Usually at this time of year, I’m prepping the Playoff Health Reports and coasting through my last couple columns. For those of you new to BP-and there’s a lot of you-UTK essentially goes into hibernation for the winter, largely because the volume of injuries to report on goes to nil. I’ll be watching the playoffs and posting on BP Unfiltered, so you’re not rid of me yet. But instead of coasting, I’m facing three more columns this weekend, watching how injuries will affect the playoff races, with all four slots in the NL as unsettled as can be. I’ll head down to Cincy to watch the Cubs and the Reds. We’ll see things we don’t normally see. Instead of extensive shutdown lists, we’ll see kitchen-sink bullpens and aces coming in on short rest looking to lock down or save playoff hopes. We’ll see aces like Jake Peavy and Brandon Webb more focused on winning one game than winning a Cy Young. At this stage of the season, I’m less concerned by things like an ace on short rest or Scott Kazmir going over his hard limit to get the K title (though he didn’t). You take some risk for the reward and hope you balanced it correctly. Context, especially at this time of year, is everything.

Powered by a 2001 Rioja, on to the injuries:

  • The Brewers don’t think that Ben Sheets gives them the best chance of winning if he starts. The tight hamstring is simply too tight to last through several innings and to give the team any sort of confidence that he could go even three or four innings. Instead, he’ll be shifted to the pen. Yes, there’s a bit of a disconnect here-if he can’t get loose on a normal starter’s schedule, how is he going to do it popping up in the bullpen? I don’t think he’ll be treated as a normal reliever, so if anything, he’ll be used as a ‘kitchen sink’ reliever in one of the weekend games. If he reinjures himself, he has four months before spring training and even if it’s a bad strain, it’s not like he doesn’t have other chronic problems to deal with anyway. If the Brewers and Padres are still both in contention on Sunday, things could get really interesting.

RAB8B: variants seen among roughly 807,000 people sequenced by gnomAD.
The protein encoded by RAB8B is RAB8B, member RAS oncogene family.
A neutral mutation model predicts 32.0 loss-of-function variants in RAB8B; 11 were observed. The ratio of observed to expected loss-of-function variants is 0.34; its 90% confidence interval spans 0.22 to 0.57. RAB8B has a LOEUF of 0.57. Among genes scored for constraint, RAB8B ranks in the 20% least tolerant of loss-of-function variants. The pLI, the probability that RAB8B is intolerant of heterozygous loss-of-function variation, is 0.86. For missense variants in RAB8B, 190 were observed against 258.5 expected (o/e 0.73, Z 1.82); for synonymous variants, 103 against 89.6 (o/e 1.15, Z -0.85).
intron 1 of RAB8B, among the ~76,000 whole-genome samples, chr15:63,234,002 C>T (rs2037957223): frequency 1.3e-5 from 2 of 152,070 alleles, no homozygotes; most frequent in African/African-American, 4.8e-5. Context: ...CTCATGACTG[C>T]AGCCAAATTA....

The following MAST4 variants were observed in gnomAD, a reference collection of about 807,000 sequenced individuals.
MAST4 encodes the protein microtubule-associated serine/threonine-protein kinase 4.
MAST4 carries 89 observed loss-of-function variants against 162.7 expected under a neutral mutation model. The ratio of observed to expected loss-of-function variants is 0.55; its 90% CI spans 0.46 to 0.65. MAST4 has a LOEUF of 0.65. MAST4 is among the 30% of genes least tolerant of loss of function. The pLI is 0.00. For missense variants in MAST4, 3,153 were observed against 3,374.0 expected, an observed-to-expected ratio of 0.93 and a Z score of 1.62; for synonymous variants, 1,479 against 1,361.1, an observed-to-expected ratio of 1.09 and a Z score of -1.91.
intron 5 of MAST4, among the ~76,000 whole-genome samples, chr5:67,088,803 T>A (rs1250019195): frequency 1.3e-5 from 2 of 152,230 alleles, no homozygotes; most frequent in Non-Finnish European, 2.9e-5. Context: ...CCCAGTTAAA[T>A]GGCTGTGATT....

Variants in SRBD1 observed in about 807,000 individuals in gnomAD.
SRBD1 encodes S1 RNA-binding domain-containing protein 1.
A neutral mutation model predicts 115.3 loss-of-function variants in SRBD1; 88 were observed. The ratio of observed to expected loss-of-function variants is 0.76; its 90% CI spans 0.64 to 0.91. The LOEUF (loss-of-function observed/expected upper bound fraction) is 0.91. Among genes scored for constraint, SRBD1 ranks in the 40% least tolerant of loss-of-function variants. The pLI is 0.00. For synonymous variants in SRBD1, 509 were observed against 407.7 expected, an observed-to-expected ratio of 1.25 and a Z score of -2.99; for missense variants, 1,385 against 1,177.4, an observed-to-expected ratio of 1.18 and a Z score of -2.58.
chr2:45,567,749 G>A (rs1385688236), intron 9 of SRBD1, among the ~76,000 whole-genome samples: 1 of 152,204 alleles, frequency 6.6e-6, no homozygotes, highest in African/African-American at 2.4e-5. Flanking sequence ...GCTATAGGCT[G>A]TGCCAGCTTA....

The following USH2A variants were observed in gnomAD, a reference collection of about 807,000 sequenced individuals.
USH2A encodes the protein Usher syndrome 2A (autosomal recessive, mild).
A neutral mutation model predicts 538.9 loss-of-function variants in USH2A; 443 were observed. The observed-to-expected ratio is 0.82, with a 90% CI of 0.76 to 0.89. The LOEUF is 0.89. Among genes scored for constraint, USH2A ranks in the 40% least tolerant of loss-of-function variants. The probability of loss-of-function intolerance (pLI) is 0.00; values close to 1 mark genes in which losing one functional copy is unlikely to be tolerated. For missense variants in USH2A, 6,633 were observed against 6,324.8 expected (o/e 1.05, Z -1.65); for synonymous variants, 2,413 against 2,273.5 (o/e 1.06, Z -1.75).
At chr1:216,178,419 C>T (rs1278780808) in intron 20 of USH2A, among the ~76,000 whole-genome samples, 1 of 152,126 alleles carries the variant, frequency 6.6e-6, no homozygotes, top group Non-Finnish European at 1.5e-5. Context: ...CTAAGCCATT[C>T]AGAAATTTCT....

• The Angels limp into the playoffs with more injuries than any other contending team thought there is a silver lining in their outfield situation. Vladimir Guerrero is suddenly throwing without pain, tossing 100 feet in the outfield and showing no signs of problem. The quick cure smells like a cortisone injection, something that’s been mentioned before but never confirmed by the team. No one is willing to give even the slightest hint publicly about when Guerrero will return to the outfield, but there’s some talk that they think there could be an experiment this weekend to determine the viability of him playing there in the playoffs. The bad news is that Gary Matthews Jr. is still hobbled by a swollen and painful knee, putting his status for the playoffs in doubt. The Angels have a couple of different rosters worked up for the first round, depending on who’s available and who they’ll face, so they won’t be caught off guard by this.
  • Milton Bradley had his knee surgery, repairing the ACL torn in the strangest manner I’ve ever seen as well as some associated meniscal problems. Bradley likely won’t be ready for spring training, and even then will have another chronic problem to deal with on top of his leg, back, and oblique problems, as well as any attempt to rehabilitate the reputation he carries. Bradley had Tim Kremchek do the surgery since Kremchek repaired his knee back in 2005 when Bradley was dealing with a patellar tendon problem. Bradley was able to return quickly from that, and there’s no reason to think that he won’t be able to do the same here, once he finds a team that needs his bat.
  • The Twins are dealing with a plethora of problems at the end of the season. Joe Mauer‘s season is done after catching Johan Santana. Mauer will have offseason surgery to repair a hernia, but will be ready for spring training. The Twins are hoping a new conditioning regimen will help Mauer’s legs stay fresh next season, but the bigger question is how they’ll use him. New GM Bill Smith has sounded more open-minded to shifting Mauer from behind the plate. Beyond Mauer, the Twins also have to deal with Nick Punto‘s oblique strain, and some whispers that Pat Neshek may have a significant elbow problem.
  • The Dodgers will have a lot of offseason decisions to make, but they’re making the offseason arrive a little more quickly for a couple of their players. Jeff Kent and Brad Penny have been shut down with injuries. Kent has a hamstring injury, while Penny has a mild abdominal strain, and it’s not worth risking him in a start when there are other options and no real objective beyond finishing out the schedule. Penny has another year plus an option left on his current contract and is a long way from the near-giveaway level he was at back in the spring. I fully expect the Dodgers to be one of the most active teams this winter, though they’ll need to figure out who’s really at the wheel beforehand.
  • Quick Cuts: My Facebook friend Micah Owings gave himself a pretty nice birthday present, doing it all himself. Now someone explain to me why pitchers like Owings shouldn’t be used and valued as pinch-hitters? … The Astros have shut down Roy Oswalt. The biggest consequence is that Oswalt won’t get to throw to Craig Biggio, who wants to catch in his final game. … Bruce Springsteen’s “Magic” is aptly named. … Paul Maholm has been shut down, finally. He hasn’t been right since missing time with a back problem.

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